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Soldiers nab Gazans sneaking into Israel with grenade, knives

Four suspects collared after being spied crossing security fence; motive unclear

Judah Ari Gross is The Times of Israel's religions and Diaspora affairs correspondent.

Two knives and a pair of pliers that were in the possession of a Palestinian man who was one of four suspects who crossed into Israel from the Gaza Strip on February 1, 2018. (Israel Defense Forces)
Two knives and a pair of pliers that were in the possession of a Palestinian man who was one of four suspects who crossed into Israel from the Gaza Strip on February 1, 2018. (Israel Defense Forces)

Israeli soldiers arrested four Palestinian suspects, one of them armed, who entered Israel from the southern Gaza Strip on Thursday evening, the army said.

According to the military, one of the suspects was carrying a grenade and two knives when he was arrested.

While it has not been uncommon for Palestinians to illegally cross into Israel from Gaza in recent years, it is generally done by individuals or in pairs, rarely in groups as large as on Thursday.

An army spokesperson said the suspects were under IDF surveillance from before they crossed the security fence surrounding the Gaza Strip.

They were arrested a short time after they entered Israeli territory, he said.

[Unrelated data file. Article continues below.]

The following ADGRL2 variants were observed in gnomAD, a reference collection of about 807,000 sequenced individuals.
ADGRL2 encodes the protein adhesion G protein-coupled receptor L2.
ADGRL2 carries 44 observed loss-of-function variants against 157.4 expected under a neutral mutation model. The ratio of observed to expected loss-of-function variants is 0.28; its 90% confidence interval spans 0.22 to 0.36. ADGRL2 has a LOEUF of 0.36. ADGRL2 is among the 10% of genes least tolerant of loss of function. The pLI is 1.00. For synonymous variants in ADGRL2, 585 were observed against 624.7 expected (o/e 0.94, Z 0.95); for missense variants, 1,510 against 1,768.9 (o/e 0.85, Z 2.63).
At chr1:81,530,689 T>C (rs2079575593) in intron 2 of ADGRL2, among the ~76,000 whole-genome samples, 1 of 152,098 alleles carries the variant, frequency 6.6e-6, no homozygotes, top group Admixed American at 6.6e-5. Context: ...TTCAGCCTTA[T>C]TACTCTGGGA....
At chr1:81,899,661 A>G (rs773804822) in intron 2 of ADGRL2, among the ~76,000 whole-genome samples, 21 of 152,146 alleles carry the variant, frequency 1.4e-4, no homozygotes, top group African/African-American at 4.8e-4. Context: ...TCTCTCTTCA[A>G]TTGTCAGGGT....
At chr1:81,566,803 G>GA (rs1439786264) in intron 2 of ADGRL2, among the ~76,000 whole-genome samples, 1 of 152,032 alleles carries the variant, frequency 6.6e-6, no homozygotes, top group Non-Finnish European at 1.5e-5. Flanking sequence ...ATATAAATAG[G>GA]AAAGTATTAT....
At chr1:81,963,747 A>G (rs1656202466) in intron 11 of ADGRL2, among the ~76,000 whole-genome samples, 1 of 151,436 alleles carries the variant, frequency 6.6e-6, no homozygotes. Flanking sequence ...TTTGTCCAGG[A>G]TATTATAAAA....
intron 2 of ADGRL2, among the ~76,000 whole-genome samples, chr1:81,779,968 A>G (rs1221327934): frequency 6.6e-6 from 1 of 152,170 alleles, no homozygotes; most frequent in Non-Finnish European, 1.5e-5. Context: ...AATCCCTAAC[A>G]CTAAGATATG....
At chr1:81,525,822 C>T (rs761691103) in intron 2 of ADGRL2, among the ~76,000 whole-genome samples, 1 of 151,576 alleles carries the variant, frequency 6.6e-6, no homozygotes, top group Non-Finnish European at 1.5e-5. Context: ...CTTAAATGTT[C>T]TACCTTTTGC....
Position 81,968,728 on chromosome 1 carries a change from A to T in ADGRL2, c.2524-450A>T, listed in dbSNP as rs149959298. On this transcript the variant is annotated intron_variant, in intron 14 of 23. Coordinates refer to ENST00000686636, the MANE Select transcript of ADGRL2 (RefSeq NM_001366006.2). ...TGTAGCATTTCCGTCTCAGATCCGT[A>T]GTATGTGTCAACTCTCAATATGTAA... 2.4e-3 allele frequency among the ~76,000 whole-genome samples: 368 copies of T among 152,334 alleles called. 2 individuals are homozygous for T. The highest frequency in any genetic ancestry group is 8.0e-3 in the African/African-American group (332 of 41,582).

The suspects’ intentions were not immediately clear. There have been cases of Gazans entering Israel with weapons not to carry out attacks, but in order to be arrested and sent to prison, rather than remain in the beleaguered coastal enclave, which is run by the Hamas terrorist group.

“The suspects were apprehended and transferred to security forces for further questioning,” the Israel Defense Forces said.

According to figures revealed to the Hebrew Walla news site, in both 2016 and 2017 approximately 60 Palestinians entered Israel from Gaza.

As of Thursday, 12 Palestinians have infiltrated into Israel in 2018, raising concerns that this may be a growing trend in light of the deteriorating humanitarian situation in Gaza.

The security fence contains a bevy of sensors and cameras to support the large number of soldiers who regularly patrol the area. Infiltrators are typically caught within moments, though there have been cases of suspects evading capture for several hours.

The military is currently constructing a new Gaza barrier, which includes both an underground portion designed to thwart tunneling efforts by terrorist groups, as well as a high steel fence meant to prevent aboveground infiltrations.

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